ON THE AGENDA | APRIL 12TH, 2016 | ALLISON RIZZOLO

Americans Don't Associate Price with Quality in Health Care

Findings underscore the need to publicly report information about price AND quality.

Does your insurance company provide a website or other resource for you to look up health care prices? If so, they're part of a growing trend. More and more government agencies, insurance companies and nonprofit organizations have developed tools to help patients navigate the complicated and often opaque health care price system.

As these resources proliferate, some health care experts worry that, if patients assume price is associated with quality, they'll avoid low-price care. After all, it's only reasonable to believe that price and quality are related. Yet while health care prices vary widely throughout the country, there is no evidence that higher prices are associated with higher quality or better health outcomes.

A new analysis of our 2015 survey data on price transparency provides good news for those troubled experts: most Americans do not associate the price of health care with the quality of that care. The analysis, conducted by Public Agenda's David Schleifer and Carolin Hagelskamp together with Kathryn Phillips of the University of California, San Francisco, was published in the April issue of Health Affairs, a top health policy journal.

In the analysis, we found that a majority of Americans (ranging from 58-71 percent depending on how the questions were framed) do not think health care cost and quality are associated. Fewer than one-quarter (21-24 percent) perceive an association, while 8-16 percent are unsure.

The findings have implications for the movements toward transparency and price shopping. Specifically:

Providing price information will not necessarily prompt consumers to choose higher-price providers instead of lower-price ones.

While most Americans don't associate price with quality, many are unsure. This underscores the need to publicly report information about price AND quality.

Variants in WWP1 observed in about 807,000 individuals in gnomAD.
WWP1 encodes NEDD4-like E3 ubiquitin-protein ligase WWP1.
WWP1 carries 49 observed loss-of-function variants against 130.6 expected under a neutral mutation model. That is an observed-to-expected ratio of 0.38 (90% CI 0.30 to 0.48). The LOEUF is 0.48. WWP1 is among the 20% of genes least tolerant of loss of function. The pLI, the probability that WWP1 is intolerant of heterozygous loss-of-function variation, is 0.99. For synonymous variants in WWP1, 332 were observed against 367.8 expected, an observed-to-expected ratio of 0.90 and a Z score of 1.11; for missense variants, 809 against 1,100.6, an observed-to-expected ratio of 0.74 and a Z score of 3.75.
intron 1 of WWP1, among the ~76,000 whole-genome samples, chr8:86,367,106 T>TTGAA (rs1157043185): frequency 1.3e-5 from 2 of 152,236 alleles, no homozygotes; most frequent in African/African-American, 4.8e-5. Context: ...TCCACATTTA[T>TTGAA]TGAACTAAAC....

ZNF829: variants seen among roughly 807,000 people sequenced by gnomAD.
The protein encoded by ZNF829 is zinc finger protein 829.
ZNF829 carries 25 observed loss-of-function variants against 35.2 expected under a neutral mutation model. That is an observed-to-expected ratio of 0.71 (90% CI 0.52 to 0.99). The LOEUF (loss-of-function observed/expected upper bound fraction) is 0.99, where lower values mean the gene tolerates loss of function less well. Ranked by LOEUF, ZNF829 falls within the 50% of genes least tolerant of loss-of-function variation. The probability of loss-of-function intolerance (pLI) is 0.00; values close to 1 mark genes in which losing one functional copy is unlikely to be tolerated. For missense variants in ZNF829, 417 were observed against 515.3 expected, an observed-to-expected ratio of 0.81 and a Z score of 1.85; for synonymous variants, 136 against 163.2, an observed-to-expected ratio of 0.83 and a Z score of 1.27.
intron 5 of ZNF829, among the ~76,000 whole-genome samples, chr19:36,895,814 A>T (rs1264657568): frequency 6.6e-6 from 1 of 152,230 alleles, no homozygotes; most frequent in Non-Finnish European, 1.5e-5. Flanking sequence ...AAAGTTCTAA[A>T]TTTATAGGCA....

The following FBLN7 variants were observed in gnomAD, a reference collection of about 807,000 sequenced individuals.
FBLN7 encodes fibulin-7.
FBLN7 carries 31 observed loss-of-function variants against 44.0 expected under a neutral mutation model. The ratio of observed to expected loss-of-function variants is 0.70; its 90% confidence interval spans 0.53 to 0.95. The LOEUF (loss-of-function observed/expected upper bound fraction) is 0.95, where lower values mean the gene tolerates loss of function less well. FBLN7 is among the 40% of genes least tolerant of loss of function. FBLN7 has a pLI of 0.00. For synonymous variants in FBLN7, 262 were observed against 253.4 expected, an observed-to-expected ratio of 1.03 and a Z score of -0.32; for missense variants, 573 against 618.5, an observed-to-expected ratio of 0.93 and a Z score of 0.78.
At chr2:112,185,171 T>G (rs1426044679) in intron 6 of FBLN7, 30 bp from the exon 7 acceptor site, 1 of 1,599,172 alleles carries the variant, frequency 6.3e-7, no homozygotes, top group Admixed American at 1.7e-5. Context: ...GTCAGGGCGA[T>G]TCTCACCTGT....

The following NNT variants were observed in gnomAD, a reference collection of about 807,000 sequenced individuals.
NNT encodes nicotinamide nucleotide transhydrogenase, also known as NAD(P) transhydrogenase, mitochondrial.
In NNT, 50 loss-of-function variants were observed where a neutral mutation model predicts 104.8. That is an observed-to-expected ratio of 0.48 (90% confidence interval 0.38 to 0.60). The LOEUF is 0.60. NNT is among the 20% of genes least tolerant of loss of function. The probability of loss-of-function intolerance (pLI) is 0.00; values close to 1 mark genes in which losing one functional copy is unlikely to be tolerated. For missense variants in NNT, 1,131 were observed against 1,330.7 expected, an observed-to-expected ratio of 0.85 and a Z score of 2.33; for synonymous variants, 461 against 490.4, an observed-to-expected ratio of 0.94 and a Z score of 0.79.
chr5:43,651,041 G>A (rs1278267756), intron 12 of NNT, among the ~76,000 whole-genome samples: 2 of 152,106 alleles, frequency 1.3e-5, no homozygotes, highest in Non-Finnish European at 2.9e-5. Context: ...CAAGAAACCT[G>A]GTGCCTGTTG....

Individuals who say they've compared prices are more likely to perceive that price and quality are associated. We don't know whether there is a causal relationship between comparing health care prices and associating price and quality. However, it's important to better understand this finding and ensure efforts to boost price transparency don't have unintended consequences.

People were less likely to believe price and quality were associated if they were asked about high price/high quality care, rather than low price/ low quality care. Framing of information matters, which suggests that price and quality transparency initiatives need to consider how price and quality information are communicated.

The April Health Affairs issue focused on patient engagement, and there were a number of other articles we think you'll be interested in. These include pieces about:

If you're interested in patient engagement on health care costs, quality and prices, register for our email list and we'll update you on our work in these fields. Also check back on our blog every Friday, when we post engaging articles, reports and studies we've come across on topics including health care, education, democracy, public engagement and public opinion research here's last week's.


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